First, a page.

The purpose of cell differentiation is to provide organisms with the many different types of specialized cells needed to perform specific functions. Organisms start from a single cell that contains all the required genetic information, or instructions, which reproduces into many stem cells with the potential to become any type of specialized cell. First, it is decided which genetic information will be expressed, or carried out, thereby indicating the type of cell that is to be formed. Then, through differentiation, those instructions are carried out and specialized cells are formed.
The human body has about 200 different types of specialized cells that perform various functions and make up the tissues and organs of the body. One of the properties of a stem cell is that it is unspecialized — it lacks the ability to perform any of the specific functions of the body. Its primary function is to create specialized cells, and it contains the genetic information needed to form any type of cell, like a blood cell or a nerve cell. The process of forming these specialized cells is called cell differentiation.
In the earliest stages of development of a human embryo, the differentiation occurs depending on the location of the stem cells. For example, those on the outer layer differentiate to form skin cells. During the differentiation process, cells develop specific shapes, structures, and characteristics needed for performing particular functions in the body.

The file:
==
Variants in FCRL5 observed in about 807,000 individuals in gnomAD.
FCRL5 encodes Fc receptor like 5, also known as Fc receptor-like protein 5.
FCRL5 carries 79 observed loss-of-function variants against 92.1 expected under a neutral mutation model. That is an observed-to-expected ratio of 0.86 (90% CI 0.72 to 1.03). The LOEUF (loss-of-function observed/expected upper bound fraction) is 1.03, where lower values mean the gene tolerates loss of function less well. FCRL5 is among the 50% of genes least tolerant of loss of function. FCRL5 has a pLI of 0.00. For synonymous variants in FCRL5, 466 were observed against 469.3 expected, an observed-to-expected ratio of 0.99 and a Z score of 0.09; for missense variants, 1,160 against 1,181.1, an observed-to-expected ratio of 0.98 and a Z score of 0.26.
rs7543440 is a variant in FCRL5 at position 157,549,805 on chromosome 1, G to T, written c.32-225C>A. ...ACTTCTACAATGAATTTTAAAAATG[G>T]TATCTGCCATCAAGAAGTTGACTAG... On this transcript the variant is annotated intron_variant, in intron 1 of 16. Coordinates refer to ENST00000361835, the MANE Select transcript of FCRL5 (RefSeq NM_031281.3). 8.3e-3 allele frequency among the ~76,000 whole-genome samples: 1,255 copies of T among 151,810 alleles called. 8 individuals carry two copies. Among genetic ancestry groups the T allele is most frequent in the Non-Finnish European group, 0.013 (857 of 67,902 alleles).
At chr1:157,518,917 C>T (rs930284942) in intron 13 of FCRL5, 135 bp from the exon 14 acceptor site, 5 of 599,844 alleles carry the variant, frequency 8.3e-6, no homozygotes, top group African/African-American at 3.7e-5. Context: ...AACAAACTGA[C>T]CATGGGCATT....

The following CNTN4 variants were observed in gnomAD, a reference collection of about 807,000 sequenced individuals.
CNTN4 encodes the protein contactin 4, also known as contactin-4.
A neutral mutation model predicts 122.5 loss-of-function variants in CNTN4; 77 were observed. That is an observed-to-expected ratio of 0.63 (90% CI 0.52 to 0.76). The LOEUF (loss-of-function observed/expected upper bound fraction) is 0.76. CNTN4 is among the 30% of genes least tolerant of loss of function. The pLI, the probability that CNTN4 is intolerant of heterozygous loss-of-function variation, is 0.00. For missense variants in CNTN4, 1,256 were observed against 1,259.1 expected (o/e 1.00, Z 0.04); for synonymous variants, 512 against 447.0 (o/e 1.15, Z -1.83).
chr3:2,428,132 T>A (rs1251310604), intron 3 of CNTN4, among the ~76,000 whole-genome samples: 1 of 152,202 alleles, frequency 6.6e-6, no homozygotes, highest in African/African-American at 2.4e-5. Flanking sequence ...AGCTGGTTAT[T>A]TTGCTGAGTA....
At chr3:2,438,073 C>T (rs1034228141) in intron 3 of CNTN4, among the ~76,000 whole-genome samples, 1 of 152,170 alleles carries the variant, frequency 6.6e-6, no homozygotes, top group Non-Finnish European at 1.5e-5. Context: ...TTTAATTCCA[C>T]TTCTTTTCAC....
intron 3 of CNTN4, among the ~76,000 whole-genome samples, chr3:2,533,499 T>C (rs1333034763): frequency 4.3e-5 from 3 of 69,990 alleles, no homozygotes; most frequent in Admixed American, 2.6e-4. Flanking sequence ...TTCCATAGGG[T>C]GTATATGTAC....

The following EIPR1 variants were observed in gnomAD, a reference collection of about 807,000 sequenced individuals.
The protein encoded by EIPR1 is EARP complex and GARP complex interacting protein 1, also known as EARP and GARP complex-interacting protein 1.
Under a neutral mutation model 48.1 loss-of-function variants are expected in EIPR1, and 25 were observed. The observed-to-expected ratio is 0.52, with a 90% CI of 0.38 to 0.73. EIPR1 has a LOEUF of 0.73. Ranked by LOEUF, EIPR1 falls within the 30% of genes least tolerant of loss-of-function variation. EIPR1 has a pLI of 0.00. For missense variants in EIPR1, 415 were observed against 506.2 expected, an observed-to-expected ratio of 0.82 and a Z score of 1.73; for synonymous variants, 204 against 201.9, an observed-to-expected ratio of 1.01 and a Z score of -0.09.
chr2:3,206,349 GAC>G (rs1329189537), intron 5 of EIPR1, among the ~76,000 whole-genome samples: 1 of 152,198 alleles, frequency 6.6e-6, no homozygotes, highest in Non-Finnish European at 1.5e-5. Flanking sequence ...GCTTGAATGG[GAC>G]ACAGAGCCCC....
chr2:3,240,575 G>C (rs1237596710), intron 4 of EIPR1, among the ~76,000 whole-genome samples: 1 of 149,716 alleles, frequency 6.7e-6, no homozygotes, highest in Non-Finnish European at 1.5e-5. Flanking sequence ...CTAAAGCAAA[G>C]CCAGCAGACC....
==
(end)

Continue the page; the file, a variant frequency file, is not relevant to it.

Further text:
The process usually consists of several steps, with the cell becoming more specialized at each. These steps are triggered by signals that scientists do not yet understand, but it is thought that some of the signals come from the environment and from nearby cells. Other signals are internal and come from the genetic material, or DNA, inside the cell. Once the cell is differentiated, it develops epigenetic markers that restrict what DNA information can be expressed; these are passed on when the cell reproduces so that future daughter cells will also be specialized.
In adults, cell differentiation also occurs for the same purpose. Adult stem cells also need to form the specialized cells needed to perform vital functions. Adult stem cells, however, can be limited to forming certain categories of cells; these limits are referred to as cell potency. Some, called totipotent or pluripotent, have the potential to form any kind of specialized cell. Others, called multipotent, are more limited. For example, the blood forming adult stem cells in bone marrow can only generate different types of blood cells.